My Week #45: The Cabin in the Woods

The Cabin in the Woods
Drew Goddard, 2012
Equal parts subtle and overt, Joss Whedon and Drew Goddard's practically ideal and cleverly subversive horror/comedy is easily the best simultaneous send-up and reverent homage to slasher and slasher-esque cinema I've seen, trumping 2006's sly "Behind the Mask: The Rise of Leslie Vernon". Sitting in the theater was sheer bliss as a physical euphoria washed over me for 90 minutes simply due to how damn much I was enjoying myself. While being perfectly satisfied on the level of a mere horror fan, I was also giddily laughing my ass off at the daintily whimsical nature that comes through in the lead creative duo's consistently pitch-perfect writing and directing. Any true fan of the genre's past 40 years should experience similar effects from the utter delight of watching these young actors unwittingly play in to every trope carefully arranged for them (and, really, for us, in an underlying economic sense) before the best third act imaginable ensues. Genre-defining? Yes, emphatically. In a way - a very fun way - it's even retroactively re-defining.

Further first-time viewings:

Planet Hulk - Sam Liu, 2010
So did someone take "A Princess of Mars" and rework it with Marvel characters? For all I've heard about this recent arc in the Hulk's pure comic incarnation, I can't but imagine that this presumably more obviously all-audiences animation is a severely watered-down summary. Why do I even bother with this sort of definitively unchallenging, colorful cotton candy filler stuff, when I could be watching one of the many, many heaped upon my pile of "I know of their reputed greatness, I'll get to them one day..." titles? Someone make me stop. Oh wait, too late, here comes this week's next film...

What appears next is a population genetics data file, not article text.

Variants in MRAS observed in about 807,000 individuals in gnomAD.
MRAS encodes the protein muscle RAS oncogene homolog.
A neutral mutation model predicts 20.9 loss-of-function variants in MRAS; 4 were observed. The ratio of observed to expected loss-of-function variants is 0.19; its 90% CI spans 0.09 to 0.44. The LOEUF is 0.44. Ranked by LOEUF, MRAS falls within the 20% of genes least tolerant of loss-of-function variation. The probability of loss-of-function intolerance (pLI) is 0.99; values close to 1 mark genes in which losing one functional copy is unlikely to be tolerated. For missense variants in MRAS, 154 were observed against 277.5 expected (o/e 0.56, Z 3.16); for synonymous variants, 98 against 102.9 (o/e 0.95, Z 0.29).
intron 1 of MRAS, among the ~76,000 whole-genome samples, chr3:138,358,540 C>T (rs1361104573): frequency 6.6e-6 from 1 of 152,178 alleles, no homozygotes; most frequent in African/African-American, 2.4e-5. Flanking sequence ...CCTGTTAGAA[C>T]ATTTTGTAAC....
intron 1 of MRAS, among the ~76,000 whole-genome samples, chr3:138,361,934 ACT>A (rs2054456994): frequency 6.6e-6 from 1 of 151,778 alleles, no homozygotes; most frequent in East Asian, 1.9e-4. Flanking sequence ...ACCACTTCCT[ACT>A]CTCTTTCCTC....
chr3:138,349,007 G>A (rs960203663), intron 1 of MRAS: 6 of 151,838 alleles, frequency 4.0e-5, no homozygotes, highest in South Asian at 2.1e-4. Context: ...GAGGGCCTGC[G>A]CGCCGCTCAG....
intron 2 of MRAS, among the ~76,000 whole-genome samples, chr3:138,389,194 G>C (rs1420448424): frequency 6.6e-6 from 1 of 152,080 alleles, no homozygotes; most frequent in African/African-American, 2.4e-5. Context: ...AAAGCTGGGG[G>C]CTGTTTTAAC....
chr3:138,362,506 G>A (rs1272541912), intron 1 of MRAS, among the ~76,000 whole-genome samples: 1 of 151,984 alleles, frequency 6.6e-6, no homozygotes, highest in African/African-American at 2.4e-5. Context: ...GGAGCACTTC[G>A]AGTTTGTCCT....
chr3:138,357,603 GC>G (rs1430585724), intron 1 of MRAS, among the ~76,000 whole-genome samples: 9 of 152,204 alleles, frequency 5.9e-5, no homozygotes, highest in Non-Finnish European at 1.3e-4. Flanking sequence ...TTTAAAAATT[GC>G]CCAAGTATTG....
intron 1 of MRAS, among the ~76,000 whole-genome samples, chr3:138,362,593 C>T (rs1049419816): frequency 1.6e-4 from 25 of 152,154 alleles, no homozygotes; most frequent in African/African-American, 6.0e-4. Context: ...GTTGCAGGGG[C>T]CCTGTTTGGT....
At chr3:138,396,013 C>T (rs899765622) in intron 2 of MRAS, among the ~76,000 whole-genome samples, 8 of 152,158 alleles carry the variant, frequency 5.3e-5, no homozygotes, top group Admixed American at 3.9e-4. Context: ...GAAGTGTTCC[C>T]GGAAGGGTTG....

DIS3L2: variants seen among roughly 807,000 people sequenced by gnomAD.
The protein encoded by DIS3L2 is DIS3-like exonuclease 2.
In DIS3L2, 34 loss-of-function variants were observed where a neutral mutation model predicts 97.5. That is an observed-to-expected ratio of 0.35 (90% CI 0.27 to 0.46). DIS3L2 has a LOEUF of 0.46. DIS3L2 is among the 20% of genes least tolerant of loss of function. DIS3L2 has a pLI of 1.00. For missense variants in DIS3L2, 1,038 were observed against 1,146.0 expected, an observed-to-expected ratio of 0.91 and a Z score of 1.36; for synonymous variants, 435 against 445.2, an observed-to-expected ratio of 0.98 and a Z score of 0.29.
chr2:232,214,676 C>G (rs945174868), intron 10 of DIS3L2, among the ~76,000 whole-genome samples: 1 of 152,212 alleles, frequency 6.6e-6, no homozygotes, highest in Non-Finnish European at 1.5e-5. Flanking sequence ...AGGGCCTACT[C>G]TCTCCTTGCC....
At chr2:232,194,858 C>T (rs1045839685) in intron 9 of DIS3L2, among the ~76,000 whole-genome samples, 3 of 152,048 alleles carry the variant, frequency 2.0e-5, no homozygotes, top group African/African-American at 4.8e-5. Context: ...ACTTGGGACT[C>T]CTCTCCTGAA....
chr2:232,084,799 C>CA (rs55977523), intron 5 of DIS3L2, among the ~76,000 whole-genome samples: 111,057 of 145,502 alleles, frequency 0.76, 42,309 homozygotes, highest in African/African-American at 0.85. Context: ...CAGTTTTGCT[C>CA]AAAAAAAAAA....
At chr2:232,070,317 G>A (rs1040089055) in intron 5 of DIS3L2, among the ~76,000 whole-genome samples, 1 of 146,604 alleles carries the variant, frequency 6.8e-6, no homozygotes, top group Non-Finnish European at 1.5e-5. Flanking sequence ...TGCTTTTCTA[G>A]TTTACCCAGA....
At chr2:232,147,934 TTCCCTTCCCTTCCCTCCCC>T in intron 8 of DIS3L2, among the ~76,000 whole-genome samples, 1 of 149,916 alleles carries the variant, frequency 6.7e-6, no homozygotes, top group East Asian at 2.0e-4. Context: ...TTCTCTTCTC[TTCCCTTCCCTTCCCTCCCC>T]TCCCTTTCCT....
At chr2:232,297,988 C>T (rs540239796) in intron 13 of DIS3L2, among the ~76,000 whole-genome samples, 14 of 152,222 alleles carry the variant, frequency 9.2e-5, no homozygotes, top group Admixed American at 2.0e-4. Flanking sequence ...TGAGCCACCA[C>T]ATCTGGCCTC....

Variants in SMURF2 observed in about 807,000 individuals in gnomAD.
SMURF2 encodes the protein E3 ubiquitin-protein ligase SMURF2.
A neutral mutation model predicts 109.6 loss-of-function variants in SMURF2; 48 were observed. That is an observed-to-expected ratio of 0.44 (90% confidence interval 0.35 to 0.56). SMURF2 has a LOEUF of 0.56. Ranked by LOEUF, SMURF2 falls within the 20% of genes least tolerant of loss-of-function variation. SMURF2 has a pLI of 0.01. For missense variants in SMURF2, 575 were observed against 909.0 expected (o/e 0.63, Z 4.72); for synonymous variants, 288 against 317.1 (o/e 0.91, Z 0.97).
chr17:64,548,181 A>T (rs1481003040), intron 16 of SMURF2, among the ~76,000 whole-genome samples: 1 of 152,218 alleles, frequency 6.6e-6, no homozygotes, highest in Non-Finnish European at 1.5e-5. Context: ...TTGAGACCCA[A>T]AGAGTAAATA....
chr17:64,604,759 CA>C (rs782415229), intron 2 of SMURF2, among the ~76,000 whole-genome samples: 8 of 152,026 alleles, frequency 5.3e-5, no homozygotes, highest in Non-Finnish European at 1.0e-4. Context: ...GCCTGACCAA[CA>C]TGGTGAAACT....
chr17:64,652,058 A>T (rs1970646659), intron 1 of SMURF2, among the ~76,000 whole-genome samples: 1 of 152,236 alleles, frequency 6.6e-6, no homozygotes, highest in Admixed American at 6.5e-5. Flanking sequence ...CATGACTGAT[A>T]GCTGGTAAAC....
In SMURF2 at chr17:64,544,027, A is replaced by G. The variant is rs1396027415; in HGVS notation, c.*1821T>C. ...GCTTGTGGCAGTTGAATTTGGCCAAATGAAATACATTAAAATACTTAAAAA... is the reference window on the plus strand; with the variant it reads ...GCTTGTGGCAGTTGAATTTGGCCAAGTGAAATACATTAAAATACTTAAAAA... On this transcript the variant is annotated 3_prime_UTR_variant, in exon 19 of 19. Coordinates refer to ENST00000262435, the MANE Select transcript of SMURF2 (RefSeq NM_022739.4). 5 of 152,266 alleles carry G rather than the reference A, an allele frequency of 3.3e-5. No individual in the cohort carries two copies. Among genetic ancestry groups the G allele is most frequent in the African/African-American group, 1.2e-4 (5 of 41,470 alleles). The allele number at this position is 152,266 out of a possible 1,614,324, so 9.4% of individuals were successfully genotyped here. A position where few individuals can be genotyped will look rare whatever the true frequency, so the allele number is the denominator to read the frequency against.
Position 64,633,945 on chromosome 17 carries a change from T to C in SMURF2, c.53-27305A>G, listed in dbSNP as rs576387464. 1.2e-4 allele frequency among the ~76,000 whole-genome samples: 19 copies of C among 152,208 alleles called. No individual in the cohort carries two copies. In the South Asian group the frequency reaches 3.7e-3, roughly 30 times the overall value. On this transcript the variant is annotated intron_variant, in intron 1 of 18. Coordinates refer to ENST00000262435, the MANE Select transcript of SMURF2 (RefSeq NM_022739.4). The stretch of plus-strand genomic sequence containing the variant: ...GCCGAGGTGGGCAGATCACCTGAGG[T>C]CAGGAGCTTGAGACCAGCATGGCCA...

Big Money Rustlas - Paul Andresen, 2010
I watched "Big Money Hustlas" during my time as a fan of the Insane Clown Posse in 2004. I'd never call it "good", per se, but it has its moments, and the "magic, magic, ninjas, what" bit is honestly still hilarious. It's an enjoyable way for juggalos to waste time. This... I'm... well, I'm not sure it's doing ICP any favors when it comes to recovering from the (also hilarious) "magnets" fiasco not a year prior. Where "Hustlas" felt knowing of its ridiculousness, "Rustlas" feels like a crude celebration of idiocy, misogyny and gang mentality. Plus it just never really gels - even humorously - seeing dudes in thick clown paint doing up the whole old west thing. Still, not quite the worst thing I've seen from 2010.

Total: 3

Rewatches (2): The Evil Dead (Raimi, 1981); The Beast with A Billion Backs (Peter Avanzino, 2008)
- It is still so inspirational to see what a thoroughly entertaining and flat-out insane flick Raimi managed to make with just a group of friends, a camera and a few buckets of blood.
- Two years ago I would have told you that "Bender's Big Score" is the best of the "Futurama" movies. This year I'm amending that to bump former runner-up, "The Beast with A Billion Backs" in to first. It is more philosophically intriguing, as the property has the knack to whimsically be within its wacky universe full of snark and potential. It also doesn't have annoying naked aliens constantly sniffing things. The other two are fine, but suffer more from their episodic nature and poorer B-plots.

Episodic Television (4): Parks & Recreation (Live Ammo); South Park (I Should Never Have Gone Ziplining); The Benson Interruption (Episode 1 - Episode 6); Nick Swardson's Pretend Time (Powdered Doughnuts Make Me Go Nuts)
- Andy's "Boogie Nights" reference in the latest episode of "Parks"... just awesome. My girlfriend and I are always pointing out how that character is so similar to Eddie Adams. Now let's get an "Angels Live in My Town" rolling for Burt Macklin! Some major bricks were laid in this episode, perhaps altering my predictions and hopes for certain outcomes on deep levels (you wouldn't want me to get in to it, as I have elsewhere... I wouldn't stop). Exciting! As always!
- The South Park duo does a fair job of sending up both lame outdoors activity centers and even lamer melodramatic shock programming. The episode is tongue-in-cheek throughout, although a few ridiculously intricate fart jokes do elicit ironically earned laughs.